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Fat Burning Cardio. Part 1

Posted September 27, 2012

If aiming to burn unwanted body fat, the topic of cardio can become a little confusing. Is it best to train at a slow steady pace for longer, or is it better to train with full on intensity for a shorter time? There are plenty of contradictory opinions around on which is the best approach and many people will give you a solid reason to why one way is better than the other. Let’s take a look at cardio and the high versus low intensity argument!

Cardio, short for cardio-vascular exercise, describes any aerobic activity that gets the heart ‘pumping’. Regular cardio exercise will benefit your heart through improving your fitness level. It is also a great way to help slice body fat and chisel your body.

Cardio exercise offers mountains of benefits: 

  • Effectively taps into calories to shed fat 
  • Strengthens the heart and lungs 
  • Reduces unhealthy cholesterol levels 
  • Helps in control of high blood pressure 
  • Stimulates release of ‘feel good’ endorphins 
  • Helps with relieving daily stress 
  • Improves quality of sleep

For tackling fat burning with cardio there are 2 ways you can go. Regular ‘low intensity steady state’ cardio, or the other, ‘high intensity’ cardio. Either option included on the correct plan can work. Some people will debate over which is the better form and why, but at the end of the day it’s what will suit your lifestyle and what you will stick to that is going to be the most effective choice for you.

The names speak for themselves, low intensity steady state or ‘LISS’ is cardio performed at a low, steady and moderate pace. At this level it’s long been considered that the body may burn a higher ratio of body fat calories for energy versus muscle protein and stored carbohydrates. Although it is a much slower way to burn overall calories it may be the safest cardio approach if your goal is muscle preservation and development. I personally prefer to get cardio over as quickly as possible and that’s where high intensity cardio comes into the equation.

If you are short on time or want to keep your cardio duration to a minimum then high intensity cardio will burn the most calories in the least possible time. It may also stimulate greater fat burning AFTER training finishes (ie you can potentially burn fat for hours after). A popular style of high intensity training is called ‘HIIT’ (or ‘high intensity interval training’). HIIT involves rotating intervals of very high intensity bursts separated by moderately paced periods and is usually performed for up to 20 - 30 minutes each session.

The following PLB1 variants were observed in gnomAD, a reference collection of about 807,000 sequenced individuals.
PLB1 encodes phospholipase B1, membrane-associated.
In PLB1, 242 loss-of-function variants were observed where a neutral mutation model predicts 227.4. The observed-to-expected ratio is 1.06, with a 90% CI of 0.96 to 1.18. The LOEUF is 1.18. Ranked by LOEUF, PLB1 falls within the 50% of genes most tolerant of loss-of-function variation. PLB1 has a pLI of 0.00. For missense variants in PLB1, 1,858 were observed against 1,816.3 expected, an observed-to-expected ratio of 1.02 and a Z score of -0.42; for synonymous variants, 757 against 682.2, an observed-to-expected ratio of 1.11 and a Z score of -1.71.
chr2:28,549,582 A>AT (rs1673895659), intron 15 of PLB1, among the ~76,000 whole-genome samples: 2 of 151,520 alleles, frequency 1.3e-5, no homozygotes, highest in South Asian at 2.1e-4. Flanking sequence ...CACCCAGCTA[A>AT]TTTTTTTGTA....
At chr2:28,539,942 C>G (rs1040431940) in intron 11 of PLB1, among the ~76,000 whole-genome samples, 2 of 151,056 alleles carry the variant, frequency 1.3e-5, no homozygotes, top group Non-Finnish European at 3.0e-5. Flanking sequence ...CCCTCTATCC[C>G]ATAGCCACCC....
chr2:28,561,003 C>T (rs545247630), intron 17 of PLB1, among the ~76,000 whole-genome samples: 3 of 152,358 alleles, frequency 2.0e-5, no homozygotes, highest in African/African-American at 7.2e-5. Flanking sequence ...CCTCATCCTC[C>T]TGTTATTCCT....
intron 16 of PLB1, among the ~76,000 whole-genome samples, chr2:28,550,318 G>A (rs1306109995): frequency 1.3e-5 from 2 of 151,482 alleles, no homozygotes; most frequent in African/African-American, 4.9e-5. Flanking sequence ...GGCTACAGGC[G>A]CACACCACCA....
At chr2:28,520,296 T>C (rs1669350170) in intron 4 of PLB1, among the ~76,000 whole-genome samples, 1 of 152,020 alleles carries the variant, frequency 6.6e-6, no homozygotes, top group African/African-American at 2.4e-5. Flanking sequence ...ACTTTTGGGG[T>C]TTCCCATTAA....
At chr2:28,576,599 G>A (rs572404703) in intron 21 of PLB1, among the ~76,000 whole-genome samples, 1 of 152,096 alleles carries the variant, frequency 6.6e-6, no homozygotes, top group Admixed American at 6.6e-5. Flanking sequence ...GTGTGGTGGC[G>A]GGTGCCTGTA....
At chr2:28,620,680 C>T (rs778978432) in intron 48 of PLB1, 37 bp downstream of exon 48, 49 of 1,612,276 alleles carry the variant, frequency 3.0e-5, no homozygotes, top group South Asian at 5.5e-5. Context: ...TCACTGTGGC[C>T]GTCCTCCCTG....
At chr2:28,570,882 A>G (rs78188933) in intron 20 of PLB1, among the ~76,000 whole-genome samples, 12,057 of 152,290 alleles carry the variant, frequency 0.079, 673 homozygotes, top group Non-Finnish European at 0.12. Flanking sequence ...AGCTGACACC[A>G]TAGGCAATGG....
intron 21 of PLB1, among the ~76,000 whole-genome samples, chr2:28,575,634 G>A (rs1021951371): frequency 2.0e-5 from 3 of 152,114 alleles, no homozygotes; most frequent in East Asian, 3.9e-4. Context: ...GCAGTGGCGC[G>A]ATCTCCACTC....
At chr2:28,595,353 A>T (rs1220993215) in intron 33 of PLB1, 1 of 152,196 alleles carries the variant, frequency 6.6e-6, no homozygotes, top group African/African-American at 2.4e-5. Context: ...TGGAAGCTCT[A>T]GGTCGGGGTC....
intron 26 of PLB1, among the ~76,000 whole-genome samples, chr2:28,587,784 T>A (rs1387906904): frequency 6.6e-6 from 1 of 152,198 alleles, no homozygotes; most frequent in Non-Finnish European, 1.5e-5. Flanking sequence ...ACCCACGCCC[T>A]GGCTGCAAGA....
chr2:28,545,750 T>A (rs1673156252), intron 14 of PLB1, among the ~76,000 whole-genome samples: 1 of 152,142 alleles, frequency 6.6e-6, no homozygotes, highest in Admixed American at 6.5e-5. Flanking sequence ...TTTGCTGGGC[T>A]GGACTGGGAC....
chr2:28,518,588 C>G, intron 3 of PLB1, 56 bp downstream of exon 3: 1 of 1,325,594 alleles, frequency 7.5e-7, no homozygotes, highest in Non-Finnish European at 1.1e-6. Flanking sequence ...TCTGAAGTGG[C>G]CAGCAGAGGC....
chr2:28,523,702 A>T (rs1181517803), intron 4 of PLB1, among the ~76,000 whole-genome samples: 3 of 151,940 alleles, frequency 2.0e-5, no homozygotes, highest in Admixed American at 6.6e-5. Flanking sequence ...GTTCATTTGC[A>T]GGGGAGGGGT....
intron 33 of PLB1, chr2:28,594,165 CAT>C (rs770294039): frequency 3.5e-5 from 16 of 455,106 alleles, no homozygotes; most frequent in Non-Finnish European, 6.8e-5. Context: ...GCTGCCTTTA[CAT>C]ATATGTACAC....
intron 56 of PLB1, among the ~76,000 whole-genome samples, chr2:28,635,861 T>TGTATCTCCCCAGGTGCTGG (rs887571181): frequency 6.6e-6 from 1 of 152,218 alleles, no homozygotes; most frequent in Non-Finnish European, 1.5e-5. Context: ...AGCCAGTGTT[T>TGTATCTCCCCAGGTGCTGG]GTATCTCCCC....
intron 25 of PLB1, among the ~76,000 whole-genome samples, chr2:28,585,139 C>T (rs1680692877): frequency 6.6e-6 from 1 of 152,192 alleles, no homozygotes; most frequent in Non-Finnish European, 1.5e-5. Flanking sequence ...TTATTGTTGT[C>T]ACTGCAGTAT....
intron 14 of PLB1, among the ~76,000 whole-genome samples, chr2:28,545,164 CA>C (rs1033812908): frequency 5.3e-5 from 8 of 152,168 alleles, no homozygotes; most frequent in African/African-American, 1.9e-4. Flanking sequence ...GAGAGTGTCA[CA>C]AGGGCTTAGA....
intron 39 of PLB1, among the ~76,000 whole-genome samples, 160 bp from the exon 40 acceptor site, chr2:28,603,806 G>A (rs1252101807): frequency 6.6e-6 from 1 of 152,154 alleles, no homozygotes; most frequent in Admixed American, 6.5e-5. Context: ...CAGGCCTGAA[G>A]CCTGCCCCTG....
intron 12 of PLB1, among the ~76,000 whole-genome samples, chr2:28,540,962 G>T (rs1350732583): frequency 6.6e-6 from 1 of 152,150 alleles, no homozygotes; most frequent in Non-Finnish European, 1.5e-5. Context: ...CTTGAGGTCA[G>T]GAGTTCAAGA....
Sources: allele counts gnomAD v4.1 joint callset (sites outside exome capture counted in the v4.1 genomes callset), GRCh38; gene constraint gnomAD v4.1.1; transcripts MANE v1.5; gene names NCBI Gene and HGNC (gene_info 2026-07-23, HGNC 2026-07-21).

HIIT’s biggest advantage is that it successfully burns the greatest amounts of calories in the shortest period of time. HIIT’s very high level of intensity may also stimulate your metabolism into a higher calorie burning state, carrying over for many more hours post exercise than can be achieved with any other form of cardio. True HIIT will place quite a load of physical stress on the body so for this reason it’s recommended to not perform HIIT every day.

Taking this into account a good angle for a long term body fat reduction training plan might be combining 2 or 3 HIIT’s and 2 or 3 LISS cardio’s per week. There is a lot of debate among body builders over the stress issue of HIIT. Some feel that this higher degree of stress placed on the body may jeopardise lean muscle. In this case some people will choose LISS because even though it takes a great deal longer to burn the same amount of calories there may be less risk for muscle loss.

Whichever approach you decide is right for you, make sure to train consistently and stick to a routine. Push yourself to higher levels at every cardio session. By pushing to break through fitness targets you can make steady improvements towards your goal.

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